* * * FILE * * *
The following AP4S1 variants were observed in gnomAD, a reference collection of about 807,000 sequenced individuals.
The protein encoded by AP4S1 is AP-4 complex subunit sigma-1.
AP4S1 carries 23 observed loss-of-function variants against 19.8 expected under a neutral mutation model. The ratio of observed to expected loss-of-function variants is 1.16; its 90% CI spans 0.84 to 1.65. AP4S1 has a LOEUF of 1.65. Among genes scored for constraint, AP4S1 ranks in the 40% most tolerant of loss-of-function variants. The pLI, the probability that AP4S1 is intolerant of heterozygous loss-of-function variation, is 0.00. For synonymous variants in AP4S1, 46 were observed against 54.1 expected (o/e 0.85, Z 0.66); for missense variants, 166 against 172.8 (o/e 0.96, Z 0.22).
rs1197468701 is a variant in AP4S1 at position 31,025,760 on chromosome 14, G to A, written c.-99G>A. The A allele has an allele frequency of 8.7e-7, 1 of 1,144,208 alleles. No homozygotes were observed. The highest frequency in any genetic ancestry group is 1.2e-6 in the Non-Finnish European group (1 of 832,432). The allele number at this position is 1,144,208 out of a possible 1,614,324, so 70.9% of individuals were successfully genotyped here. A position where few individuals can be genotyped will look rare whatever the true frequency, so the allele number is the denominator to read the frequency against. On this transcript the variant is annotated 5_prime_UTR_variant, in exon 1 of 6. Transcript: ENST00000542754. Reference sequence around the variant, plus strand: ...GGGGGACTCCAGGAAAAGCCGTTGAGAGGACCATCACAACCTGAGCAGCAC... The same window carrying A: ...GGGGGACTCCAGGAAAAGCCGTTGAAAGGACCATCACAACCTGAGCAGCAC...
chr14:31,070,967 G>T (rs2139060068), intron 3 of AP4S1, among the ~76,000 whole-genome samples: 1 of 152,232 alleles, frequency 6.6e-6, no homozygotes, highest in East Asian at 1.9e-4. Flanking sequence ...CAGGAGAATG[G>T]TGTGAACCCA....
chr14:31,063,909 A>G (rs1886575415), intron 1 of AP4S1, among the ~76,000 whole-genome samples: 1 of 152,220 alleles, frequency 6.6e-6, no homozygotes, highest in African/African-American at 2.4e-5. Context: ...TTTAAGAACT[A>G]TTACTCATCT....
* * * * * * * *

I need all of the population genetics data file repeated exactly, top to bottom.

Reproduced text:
The following AP4S1 variants were observed in gnomAD, a reference collection of about 807,000 sequenced individuals.
The protein encoded by AP4S1 is AP-4 complex subunit sigma-1.
AP4S1 carries 23 observed loss-of-function variants against 19.8 expected under a neutral mutation model. The ratio of observed to expected loss-of-function variants is 1.16; its 90% CI spans 0.84 to 1.65. AP4S1 has a LOEUF of 1.65. Among genes scored for constraint, AP4S1 ranks in the 40% most tolerant of loss-of-function variants. The pLI, the probability that AP4S1 is intolerant of heterozygous loss-of-function variation, is 0.00. For synonymous variants in AP4S1, 46 were observed against 54.1 expected (o/e 0.85, Z 0.66); for missense variants, 166 against 172.8 (o/e 0.96, Z 0.22).
rs1197468701 is a variant in AP4S1 at position 31,025,760 on chromosome 14, G to A, written c.-99G>A. The A allele has an allele frequency of 8.7e-7, 1 of 1,144,208 alleles. No homozygotes were observed. The highest frequency in any genetic ancestry group is 1.2e-6 in the Non-Finnish European group (1 of 832,432). The allele number at this position is 1,144,208 out of a possible 1,614,324, so 70.9% of individuals were successfully genotyped here. A position where few individuals can be genotyped will look rare whatever the true frequency, so the allele number is the denominator to read the frequency against. On this transcript the variant is annotated 5_prime_UTR_variant, in exon 1 of 6. Transcript: ENST00000542754. Reference sequence around the variant, plus strand: ...GGGGGACTCCAGGAAAAGCCGTTGAGAGGACCATCACAACCTGAGCAGCAC... The same window carrying A: ...GGGGGACTCCAGGAAAAGCCGTTGAAAGGACCATCACAACCTGAGCAGCAC...
chr14:31,070,967 G>T (rs2139060068), intron 3 of AP4S1, among the ~76,000 whole-genome samples: 1 of 152,232 alleles, frequency 6.6e-6, no homozygotes, highest in East Asian at 1.9e-4. Flanking sequence ...CAGGAGAATG[G>T]TGTGAACCCA....
chr14:31,063,909 A>G (rs1886575415), intron 1 of AP4S1, among the ~76,000 whole-genome samples: 1 of 152,220 alleles, frequency 6.6e-6, no homozygotes, highest in African/African-American at 2.4e-5. Context: ...TTTAAGAACT[A>G]TTACTCATCT....